Journey to Sinai: Israel Under Grace
Exodus 15:22 – 18:27
Exodus 15:22 – 18:27
The Wilderness. The entire journey of Israel from Egypt to Canaan is typical of God's work in the soul of the believer. The wilderness is a very important part of this journey. Paul's explanation in 1 Cor. 10:1-11 shows that Israel's wilderness experience is given to us as "types... for our admonition". The wilderness begins once the redemption of our souls is complete, which is pictured at the Red Sea. Once we are saved, we are still "in the world", but the world has become a wilderness to us. The wilderness pathway speaks of our life on earth as a heavenly people. We also have a life in heavenly places, but that is typified by Canaan! We are strangers and pilgrims here. Having gone through the Red Sea, the wilderness is the practical living out of Romans 5-8. A great number of lessons are learned, which above all teach us to rely fully on God and to put no confidence in the flesh.
Part of God’s Ways, not His Purposes. It is striking in Exodus 3 and 6 there is no wilderness spoken of. God said that he would bring them out of Egypt into the land flowing with milk and honey, according to the promise to Abraham, Isaac, and Jacob. Bringing the people into Canaan was God’s purpose… the wilderness was only a way to get them there. For example; the dying thief had no wilderness experience, he went straight to be with Jesus in paradise. In a certain sense, the Red Sea and Jordan coalesce. In Psalm 114 Israel is seen going in the Red Sea and come out the Jordan. But as concerning the ways and dealings of God with us, the wilderness is hugely important, and serves as a schoolroom or training course, for God to form Christ in each one of us.
Four stages. There are four stages to the wilderness journey.
- Red Sea to Sinai – In this stage, Israel was under GRACE. They murmured and complained, but God always treated them with grace, His purpose being to show them His all-sufficiency. But they also needed to learn their insufficiency, so at Sinai He proposed the law. Sadly, they put themselves under the law, and so God’s treatment of them changed.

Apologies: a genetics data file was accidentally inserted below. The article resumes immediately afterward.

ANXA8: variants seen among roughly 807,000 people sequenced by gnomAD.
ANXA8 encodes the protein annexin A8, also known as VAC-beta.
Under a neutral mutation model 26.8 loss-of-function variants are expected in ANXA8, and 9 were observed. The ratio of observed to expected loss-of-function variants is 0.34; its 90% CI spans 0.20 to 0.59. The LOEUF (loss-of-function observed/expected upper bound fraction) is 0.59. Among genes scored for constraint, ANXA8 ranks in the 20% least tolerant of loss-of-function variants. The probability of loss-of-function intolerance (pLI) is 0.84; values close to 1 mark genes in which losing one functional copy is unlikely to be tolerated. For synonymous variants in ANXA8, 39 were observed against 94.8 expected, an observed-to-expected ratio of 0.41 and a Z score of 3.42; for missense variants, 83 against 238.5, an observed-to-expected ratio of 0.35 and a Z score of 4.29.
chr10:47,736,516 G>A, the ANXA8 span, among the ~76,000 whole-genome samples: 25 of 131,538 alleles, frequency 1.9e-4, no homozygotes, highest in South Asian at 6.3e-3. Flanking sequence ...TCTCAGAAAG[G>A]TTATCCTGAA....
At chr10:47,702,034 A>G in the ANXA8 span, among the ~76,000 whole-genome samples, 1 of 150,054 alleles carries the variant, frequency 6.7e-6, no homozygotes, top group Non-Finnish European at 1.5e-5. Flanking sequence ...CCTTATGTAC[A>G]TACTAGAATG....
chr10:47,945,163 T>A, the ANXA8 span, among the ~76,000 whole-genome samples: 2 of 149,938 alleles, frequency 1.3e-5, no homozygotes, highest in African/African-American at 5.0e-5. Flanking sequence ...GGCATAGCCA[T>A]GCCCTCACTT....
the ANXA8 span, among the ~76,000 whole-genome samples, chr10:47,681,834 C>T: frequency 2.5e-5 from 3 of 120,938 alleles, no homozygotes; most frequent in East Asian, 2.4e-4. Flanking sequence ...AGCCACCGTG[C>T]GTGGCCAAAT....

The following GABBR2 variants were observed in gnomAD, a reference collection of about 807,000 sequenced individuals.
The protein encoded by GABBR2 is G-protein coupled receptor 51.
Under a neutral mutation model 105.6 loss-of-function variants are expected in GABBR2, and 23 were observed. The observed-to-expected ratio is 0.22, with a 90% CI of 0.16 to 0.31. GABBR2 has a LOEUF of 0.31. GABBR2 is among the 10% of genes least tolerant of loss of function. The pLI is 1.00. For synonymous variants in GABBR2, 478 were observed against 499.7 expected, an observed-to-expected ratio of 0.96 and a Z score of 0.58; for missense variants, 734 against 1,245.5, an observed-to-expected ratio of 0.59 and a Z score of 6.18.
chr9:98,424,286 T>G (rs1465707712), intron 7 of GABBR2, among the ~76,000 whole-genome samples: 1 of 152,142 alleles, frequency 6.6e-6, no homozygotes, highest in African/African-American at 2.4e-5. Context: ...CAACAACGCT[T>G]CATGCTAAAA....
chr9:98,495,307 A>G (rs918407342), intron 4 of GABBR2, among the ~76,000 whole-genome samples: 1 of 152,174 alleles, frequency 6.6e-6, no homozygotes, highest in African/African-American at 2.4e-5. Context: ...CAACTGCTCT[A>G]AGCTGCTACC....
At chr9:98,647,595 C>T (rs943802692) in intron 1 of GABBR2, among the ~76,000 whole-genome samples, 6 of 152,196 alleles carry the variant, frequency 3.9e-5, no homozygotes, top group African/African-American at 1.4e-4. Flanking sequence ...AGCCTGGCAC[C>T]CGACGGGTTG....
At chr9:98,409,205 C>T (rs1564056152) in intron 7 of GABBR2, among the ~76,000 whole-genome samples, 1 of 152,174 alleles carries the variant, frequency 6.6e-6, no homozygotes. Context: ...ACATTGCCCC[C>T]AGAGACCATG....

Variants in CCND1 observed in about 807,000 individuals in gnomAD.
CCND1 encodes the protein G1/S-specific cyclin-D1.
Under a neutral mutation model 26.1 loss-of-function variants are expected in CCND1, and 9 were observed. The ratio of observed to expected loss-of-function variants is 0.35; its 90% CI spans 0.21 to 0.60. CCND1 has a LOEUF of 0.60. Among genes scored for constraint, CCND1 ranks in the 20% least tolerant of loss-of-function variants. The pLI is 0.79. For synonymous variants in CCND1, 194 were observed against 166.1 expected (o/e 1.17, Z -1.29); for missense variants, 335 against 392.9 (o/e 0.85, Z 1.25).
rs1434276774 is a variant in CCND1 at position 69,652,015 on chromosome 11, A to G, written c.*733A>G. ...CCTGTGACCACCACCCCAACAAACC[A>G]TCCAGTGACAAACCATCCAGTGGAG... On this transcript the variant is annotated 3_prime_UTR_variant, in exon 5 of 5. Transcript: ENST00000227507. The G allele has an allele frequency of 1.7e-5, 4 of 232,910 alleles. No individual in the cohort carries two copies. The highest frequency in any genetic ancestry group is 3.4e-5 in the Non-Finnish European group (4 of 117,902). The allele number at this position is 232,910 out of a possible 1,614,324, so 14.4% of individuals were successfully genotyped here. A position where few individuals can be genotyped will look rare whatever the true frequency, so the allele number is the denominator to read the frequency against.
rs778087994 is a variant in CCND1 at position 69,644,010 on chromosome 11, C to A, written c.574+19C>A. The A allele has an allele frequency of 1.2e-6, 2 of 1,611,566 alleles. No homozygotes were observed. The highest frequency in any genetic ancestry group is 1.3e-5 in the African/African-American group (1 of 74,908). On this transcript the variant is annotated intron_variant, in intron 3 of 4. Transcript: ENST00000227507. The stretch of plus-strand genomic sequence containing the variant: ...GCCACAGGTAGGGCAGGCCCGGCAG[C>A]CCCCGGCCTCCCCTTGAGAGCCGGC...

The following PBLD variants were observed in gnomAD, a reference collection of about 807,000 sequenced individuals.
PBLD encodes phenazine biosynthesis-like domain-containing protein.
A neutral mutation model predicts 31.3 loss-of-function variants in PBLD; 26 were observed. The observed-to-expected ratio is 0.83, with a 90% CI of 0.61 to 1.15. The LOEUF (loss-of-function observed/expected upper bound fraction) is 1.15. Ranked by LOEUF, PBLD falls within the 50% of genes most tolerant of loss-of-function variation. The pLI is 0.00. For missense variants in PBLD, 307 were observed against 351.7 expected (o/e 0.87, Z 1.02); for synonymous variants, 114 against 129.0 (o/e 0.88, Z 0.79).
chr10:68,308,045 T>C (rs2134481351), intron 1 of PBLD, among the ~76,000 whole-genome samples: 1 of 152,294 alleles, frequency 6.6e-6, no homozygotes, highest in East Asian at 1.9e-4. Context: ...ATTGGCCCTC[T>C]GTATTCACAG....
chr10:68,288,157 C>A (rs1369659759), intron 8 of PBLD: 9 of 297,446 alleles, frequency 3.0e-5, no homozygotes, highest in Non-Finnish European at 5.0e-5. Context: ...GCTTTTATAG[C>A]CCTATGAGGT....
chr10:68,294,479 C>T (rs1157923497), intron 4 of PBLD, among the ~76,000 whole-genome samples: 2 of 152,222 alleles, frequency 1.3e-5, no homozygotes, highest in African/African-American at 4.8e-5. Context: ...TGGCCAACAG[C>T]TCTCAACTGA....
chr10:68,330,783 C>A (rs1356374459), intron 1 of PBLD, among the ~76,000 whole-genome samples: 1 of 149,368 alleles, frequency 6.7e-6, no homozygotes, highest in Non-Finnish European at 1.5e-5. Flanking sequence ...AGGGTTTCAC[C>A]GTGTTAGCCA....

- Sinai to Kadesh Barnea – In this stage, Israel traveled to Kadesh which was near the southern border of Canaan. At Kadesh, the twelve spies were sent in to the land, and brought back a mixed report. There Israel sinned in unbelief, and came under the GOVERNMENT of God.
- Kadesh Barnea to Kadesh Barnea – In this stage, Israel walked in a circle for 38 years, until the older generation had died off. Almost nothing is recorded, it simply says, “we compassed mount Seir many days” (Deut. 2:1). It ends with the death of Aaron in Mount Hor. This answers to the CORRECTION that God gives in the wilderness.
- Kadesh Barnea to the Jordan – In this stage, Israel journeyed toward the land of Canaan, and the Lord prepared them for entrance. Above all, the Promised Land is set before them as an object, that the HOPE of it would motivate obedience to the Word of God.
Learning grace has two elements: God’s favor, and man’s need. Israel was dealt with in grace, despite their murmurings, etc., until they reached Sinai. This is one remarkable feature of the first phase of their journey. God was showing them that He was sufficient to meet every need. But He also wanted to show them their need; so He proposed the Law (Exodus 19). The purpose of the Law is to expose man’s true moral condition, and produce a spirit of dependence. However, at Sinai, they arrogantly put themselves under law. As a result, God began to treat them differently.